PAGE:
Conflicting reports emerged Monday in the Nebraska Senate race, over whether former Democratic Sen. Bob Kerrey — who announced three weeks ago that he would not run for the open seat of fellow Democrat Ben Nelson — might actually be getting in after all.
The latest reports suggest that Kerrey is either getting in, or is just reconsidering it.
The Associated Press reports:
Paul Johnson once served as Kerrey’s campaign manager. He said Monday that Kerrey told him he was again considering running for the seat now held by outgoing Democratic Sen. Ben Nelson.
Johnson says Kerrey has not yet made up his mind and reports that he had decided to run “are not true.” Johnson says Kerrey could announce a decision as soon as Wednesday
Earlier, the Washington Post, followed by CNN, reported that Kerrey was getting into the race. According to the Post, a senior Democratic aide said that Kerrey had called Senate Majority Leader Harry Reid (D-NV) to inform him of the decision.
On the one hand, a Kerrey entry into the race could potentially lift Democratic hopes to hold the seat in this heavily Republican race. However, if Kerrey were to get into the race, he’ll be doing it in the nick of time for the Thursday filing deadline — but also probably causing some bad blood with other Democrats who were subject to an earlier deadline.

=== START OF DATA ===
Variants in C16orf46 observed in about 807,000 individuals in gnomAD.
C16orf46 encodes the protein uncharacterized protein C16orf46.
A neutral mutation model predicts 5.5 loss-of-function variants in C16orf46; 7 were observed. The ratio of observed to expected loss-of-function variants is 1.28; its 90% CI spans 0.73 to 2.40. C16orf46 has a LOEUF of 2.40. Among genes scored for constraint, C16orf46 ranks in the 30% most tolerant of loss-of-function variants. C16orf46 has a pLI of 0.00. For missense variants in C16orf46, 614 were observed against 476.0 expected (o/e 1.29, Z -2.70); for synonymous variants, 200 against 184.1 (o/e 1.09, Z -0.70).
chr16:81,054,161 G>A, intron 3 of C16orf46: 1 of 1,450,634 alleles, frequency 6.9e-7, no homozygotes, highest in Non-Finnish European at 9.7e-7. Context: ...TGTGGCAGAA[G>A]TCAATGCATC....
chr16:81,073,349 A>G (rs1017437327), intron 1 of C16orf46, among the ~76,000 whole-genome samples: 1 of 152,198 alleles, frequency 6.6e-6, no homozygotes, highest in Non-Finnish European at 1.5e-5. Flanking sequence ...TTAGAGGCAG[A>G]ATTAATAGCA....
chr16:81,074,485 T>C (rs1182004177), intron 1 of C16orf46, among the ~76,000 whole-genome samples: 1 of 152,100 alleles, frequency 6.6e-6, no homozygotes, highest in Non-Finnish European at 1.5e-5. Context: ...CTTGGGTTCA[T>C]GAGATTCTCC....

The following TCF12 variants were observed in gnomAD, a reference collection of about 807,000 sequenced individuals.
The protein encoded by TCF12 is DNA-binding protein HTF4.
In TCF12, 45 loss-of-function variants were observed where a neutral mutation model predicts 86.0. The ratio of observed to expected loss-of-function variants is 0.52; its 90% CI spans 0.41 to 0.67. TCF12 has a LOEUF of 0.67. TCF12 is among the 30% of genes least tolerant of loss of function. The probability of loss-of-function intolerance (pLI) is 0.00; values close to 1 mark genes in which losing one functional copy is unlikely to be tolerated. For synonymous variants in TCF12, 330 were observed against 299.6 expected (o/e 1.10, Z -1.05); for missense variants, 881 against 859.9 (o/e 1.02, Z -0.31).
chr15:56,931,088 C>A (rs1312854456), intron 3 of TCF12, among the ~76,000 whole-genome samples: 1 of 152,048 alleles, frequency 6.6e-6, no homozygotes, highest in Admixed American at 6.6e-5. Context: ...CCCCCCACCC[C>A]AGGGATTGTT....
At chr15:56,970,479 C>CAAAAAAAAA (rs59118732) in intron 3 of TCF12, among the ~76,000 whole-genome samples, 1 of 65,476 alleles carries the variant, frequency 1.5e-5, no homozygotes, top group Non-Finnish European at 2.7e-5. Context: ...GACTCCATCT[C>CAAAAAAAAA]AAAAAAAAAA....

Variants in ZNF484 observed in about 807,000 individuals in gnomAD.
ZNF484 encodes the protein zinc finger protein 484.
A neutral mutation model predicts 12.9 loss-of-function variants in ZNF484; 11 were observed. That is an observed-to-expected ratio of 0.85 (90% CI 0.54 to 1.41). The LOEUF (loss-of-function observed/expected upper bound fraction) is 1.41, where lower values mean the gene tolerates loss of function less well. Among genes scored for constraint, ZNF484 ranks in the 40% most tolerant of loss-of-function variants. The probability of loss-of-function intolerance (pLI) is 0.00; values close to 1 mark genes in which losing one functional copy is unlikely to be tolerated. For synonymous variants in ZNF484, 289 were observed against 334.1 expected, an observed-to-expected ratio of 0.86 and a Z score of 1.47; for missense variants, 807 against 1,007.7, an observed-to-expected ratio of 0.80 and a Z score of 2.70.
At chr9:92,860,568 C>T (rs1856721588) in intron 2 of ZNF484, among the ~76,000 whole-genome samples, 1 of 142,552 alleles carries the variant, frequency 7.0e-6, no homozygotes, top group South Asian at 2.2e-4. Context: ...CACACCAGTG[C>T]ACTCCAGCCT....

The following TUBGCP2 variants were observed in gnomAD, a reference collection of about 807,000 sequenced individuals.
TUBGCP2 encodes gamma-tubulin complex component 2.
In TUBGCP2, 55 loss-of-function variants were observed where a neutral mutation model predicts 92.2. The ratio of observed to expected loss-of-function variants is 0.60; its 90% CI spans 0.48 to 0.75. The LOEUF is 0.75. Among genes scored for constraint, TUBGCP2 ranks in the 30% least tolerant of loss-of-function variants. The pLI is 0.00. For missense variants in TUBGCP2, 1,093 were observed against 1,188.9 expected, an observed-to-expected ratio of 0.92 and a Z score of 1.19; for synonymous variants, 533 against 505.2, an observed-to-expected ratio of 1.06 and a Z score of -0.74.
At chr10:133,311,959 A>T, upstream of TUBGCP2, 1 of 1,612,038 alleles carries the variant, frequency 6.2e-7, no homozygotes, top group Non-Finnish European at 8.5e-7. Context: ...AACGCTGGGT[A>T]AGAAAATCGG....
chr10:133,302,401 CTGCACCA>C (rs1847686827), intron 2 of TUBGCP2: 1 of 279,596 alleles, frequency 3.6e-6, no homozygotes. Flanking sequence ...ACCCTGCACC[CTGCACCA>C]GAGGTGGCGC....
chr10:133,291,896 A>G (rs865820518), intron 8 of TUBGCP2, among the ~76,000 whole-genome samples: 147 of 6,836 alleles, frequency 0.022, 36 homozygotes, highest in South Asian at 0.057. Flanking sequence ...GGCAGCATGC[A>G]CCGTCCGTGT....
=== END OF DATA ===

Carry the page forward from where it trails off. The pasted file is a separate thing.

Under Nebraska election law, there is actually a two-tiered system for filing deadlines. For those who currently hold any public office, the filing deadline was February 15. For non-officeholders, the deadline is March 1, this Thursday.
And as the Omaha World-Herald reports, current Democratic candidate Chuck Hassebrook — who because of the earlier deadline had to pull out of the race for his University of Nebraska Board of Regents seat, which is an elected position in this state — is none too happy with the prospect.
Hassebrook released a statement this morning, saying in part: “I do not believe the report that Bob Kerrey is getting in the Senate race. Bob Kerrey is a man of integrity. He told me as recently as a few days ago that he would assist my campaign. I gave up my seat on the University of Nebraska Board of Regents based on his word. I do not believe he would go back on it.”
Kerrey was first elected governor in 1982, then did not seek another term in 1986. He was elected to the Senate in 1988, re-elected in 1994, and retired in 2000, when he was succeeded by Ben Nelson.